Sarah Williams (Connelly) is a 15-year-old who loves reading and acting out fairy tales. The movie opens with a scene of Sarah rehearsing lines from her book Labyrinth in a park. While trying to remember the final line of a speech in the book, she loses track of time, forgetting that she must babysit her infant half-brother, Toby. Upon belatedly remembering this, she runs home to find her stepmother Irene waiting angrily for her. They quarrel, after which Irene leaves with Sarah’s father on a date, while Sarah remains behind to babysit Toby. Here, the already furious Sarah realizes her treasured teddy bear, Lancelot, is missing from her room. Storming into Toby’s room, she finds Lancelot and reprimands Toby. He begins to cry; Sarah, possibly to tease him further in revenge, begins rehearsing more lines from Labyrinth, telling an account of a maiden granted special powers by the King of Goblins. According to the story, the girl (whom Sarah apparently uses to represent herself) could no longer stand her life and wishes for goblins to take away her screaming baby brother. As she ends the story and turns off the light, she remarks, “I wish the goblins wouldcome and take you away…right now”. Toby suddenly stops crying. Worried, Sarah enters his room, to find that Toby has vanished.

A great northern owl flutters through the opened window and transforms into Jareth, the King of Goblins (Bowie), who tells her that he has taken the baby as she had beseeched. Appalled at the realization of what she has done, Sarah begs for the return of her brother. Jarethgives her 13 hours in which to solve his great maze, called the Labyrinth, and find Toby. If she fails, Jareth will change him into a goblin and keep him forever.

The Labyrinthis not a simple maze; the pathways and openings in the walls of the maze change from time to time, and are riddled with logic puzzles and tests. At its entrance, Sarah finds Hoggle, a curmudgeonly dwarf, spraying biting fairies witha solution that seems to kill them. She bribes him withplastic jewelry to lead her through the maze. Although he eventually sides with Sarah, it is later revealed that he is a halfhearted operative deployed by Jareth. Sarah’s other companions, acquired along the way, are Sir Didymus – a chivalrous, dog-like knight who rides a sheepdog called Ambrosius, lives near the Bog of Eternal Stench, and guards a bridge to uphold a sacred oath (the terms of which are never fully explained but require those who pass to do so by Didymus’ permission, which Sarah manages to get by simply asking), and Ludo, a giant, furry, gentle beast she rescues from some of Jareth’s goblins. Ludo has the unique ability to summon boulders by howling (which is of much use when the bridge Didymus guards breaks apart, and against Jareth’s guards in the Goblin City).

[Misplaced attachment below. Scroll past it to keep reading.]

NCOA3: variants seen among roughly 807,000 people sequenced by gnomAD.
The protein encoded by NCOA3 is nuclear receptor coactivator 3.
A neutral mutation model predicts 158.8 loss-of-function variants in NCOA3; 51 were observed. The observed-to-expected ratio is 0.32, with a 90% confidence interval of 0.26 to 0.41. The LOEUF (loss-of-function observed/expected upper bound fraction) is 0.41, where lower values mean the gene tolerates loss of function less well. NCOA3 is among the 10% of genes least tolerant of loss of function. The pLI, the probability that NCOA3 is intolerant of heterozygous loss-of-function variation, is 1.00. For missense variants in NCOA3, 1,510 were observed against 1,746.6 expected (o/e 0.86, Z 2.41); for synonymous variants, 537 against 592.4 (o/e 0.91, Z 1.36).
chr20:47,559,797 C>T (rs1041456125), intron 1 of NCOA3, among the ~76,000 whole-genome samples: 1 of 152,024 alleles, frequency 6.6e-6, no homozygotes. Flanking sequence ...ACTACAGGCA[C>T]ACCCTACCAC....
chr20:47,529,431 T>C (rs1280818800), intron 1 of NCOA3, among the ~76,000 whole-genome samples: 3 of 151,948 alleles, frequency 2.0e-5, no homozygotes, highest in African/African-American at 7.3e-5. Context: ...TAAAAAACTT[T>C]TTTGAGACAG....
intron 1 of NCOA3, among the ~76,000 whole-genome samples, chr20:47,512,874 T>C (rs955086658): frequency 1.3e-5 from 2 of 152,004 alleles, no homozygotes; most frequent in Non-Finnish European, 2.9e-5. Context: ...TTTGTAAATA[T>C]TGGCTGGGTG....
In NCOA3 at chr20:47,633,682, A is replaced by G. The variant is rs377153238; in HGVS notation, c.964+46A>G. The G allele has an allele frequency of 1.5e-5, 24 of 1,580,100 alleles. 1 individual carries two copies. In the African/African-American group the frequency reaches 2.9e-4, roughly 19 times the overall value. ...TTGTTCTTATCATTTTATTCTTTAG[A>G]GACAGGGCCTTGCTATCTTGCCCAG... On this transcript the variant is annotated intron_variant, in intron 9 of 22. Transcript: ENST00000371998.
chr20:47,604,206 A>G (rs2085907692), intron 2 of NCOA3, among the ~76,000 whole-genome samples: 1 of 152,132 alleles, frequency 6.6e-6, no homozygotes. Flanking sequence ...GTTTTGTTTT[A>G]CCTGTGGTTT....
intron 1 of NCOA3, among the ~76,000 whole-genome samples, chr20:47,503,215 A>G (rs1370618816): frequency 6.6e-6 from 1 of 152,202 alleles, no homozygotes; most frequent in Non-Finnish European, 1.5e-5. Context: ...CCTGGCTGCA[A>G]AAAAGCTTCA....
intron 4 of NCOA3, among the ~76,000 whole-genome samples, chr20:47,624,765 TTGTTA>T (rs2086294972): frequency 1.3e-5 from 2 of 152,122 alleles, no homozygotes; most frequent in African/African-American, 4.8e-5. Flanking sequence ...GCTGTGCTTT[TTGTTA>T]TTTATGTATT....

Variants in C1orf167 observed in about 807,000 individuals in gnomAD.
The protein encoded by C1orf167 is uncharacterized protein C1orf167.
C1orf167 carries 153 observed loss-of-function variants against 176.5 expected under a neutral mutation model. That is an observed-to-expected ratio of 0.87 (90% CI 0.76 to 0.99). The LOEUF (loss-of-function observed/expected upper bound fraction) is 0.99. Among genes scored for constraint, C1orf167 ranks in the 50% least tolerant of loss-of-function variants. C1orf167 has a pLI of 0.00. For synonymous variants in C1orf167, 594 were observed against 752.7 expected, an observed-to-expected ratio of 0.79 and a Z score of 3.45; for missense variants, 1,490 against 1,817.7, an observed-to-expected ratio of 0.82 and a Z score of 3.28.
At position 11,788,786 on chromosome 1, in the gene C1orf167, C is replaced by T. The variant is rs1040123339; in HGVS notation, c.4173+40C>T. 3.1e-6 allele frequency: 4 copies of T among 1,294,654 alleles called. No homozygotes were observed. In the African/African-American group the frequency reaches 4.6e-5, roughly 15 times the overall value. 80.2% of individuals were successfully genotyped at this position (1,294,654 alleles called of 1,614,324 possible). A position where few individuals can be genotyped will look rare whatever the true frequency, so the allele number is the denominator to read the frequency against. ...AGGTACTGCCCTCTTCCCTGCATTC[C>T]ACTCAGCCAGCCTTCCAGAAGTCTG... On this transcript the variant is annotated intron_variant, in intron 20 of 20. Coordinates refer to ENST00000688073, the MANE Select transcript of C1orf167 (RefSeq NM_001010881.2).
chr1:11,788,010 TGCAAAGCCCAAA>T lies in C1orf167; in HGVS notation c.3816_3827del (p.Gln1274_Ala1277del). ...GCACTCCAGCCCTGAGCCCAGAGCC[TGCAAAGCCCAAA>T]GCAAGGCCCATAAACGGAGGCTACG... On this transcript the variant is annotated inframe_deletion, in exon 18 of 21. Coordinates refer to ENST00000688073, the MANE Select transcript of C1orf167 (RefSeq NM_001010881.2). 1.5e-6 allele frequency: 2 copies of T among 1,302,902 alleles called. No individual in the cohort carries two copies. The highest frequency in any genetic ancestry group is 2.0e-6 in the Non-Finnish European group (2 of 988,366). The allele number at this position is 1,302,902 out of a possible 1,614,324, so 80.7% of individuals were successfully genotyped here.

Sarah and her friends experience a variety of adventures, including a stop at the Four Guards, where she must solve a Raymond Smullyan-inspired Knights and Knaves logic puzzle to avoid certain death; an encounter with detachable-limbed revelers known as “The Fire Gang”, who try to remove Sarah’s head; a detour through the Bog of Eternal Stench; a junkyard-like recreation of her own bedroom; and a hallucinogen-induced masquerade ball. There, Jareth attempts to keep her until the 13thhour by dancing withher. She breaks free of his spell and makes her way into the castle beyond the goblin city with barely enough time to spare.